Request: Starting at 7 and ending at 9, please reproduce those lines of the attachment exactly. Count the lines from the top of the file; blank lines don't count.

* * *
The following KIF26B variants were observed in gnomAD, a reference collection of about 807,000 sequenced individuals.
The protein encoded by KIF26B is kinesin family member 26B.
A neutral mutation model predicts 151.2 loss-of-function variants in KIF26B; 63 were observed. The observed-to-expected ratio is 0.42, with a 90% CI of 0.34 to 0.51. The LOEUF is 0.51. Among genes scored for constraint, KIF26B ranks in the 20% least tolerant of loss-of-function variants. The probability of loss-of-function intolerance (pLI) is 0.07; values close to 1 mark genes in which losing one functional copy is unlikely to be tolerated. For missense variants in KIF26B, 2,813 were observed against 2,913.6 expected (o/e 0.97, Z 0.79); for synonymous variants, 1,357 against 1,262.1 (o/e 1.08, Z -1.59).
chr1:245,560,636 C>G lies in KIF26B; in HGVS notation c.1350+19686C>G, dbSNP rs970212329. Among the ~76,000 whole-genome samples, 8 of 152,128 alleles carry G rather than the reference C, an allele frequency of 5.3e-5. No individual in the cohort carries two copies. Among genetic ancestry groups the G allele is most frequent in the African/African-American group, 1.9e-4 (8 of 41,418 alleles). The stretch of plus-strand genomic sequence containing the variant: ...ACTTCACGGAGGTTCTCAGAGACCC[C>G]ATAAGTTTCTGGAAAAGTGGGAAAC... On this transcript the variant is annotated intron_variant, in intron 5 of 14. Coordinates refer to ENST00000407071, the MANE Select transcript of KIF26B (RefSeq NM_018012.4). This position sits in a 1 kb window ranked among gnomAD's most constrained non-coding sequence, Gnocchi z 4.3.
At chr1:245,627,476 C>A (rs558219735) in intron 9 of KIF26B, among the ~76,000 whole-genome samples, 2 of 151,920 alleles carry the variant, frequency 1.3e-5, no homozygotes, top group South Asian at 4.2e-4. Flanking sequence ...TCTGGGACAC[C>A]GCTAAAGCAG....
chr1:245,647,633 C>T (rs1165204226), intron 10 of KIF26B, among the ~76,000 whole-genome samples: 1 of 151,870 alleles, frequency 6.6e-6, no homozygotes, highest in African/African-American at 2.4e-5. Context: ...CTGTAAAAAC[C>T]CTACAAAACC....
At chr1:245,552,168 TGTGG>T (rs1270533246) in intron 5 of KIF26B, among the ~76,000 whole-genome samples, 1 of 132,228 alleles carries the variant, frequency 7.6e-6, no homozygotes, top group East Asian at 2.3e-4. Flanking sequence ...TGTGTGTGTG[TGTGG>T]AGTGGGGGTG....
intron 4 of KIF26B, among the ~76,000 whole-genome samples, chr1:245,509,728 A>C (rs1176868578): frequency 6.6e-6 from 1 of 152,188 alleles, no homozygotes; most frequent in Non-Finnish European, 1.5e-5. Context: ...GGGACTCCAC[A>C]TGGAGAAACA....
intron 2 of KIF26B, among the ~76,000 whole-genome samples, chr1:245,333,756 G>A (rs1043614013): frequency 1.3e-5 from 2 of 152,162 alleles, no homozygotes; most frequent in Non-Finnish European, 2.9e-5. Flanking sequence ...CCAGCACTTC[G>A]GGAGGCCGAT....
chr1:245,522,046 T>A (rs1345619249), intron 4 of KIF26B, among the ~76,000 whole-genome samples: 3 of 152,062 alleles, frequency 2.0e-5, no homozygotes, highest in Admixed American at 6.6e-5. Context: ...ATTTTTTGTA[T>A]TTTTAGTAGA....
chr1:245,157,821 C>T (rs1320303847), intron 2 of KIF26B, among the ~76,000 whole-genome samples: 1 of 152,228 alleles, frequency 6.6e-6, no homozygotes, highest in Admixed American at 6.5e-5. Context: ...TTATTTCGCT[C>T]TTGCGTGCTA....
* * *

At chr1:245,552,168 TGTGG>T (rs1270533246) in intron 5 of KIF26B, among the ~76,000 whole-genome samples, 1 of 132,228 alleles carries the variant, frequency 7.6e-6, no homozygotes, top group East Asian at 2.3e-4. Flanking sequence ...TGTGTGTGTG[TGTGG>T]AGTGGGGGTG....
intron 4 of KIF26B, among the ~76,000 whole-genome samples, chr1:245,509,728 A>C (rs1176868578): frequency 6.6e-6 from 1 of 152,188 alleles, no homozygotes; most frequent in Non-Finnish European, 1.5e-5. Context: ...GGGACTCCAC[A>C]TGGAGAAACA....
intron 2 of KIF26B, among the ~76,000 whole-genome samples, chr1:245,333,756 G>A (rs1043614013): frequency 1.3e-5 from 2 of 152,162 alleles, no homozygotes; most frequent in Non-Finnish European, 2.9e-5. Flanking sequence ...CCAGCACTTC[G>A]GGAGGCCGAT....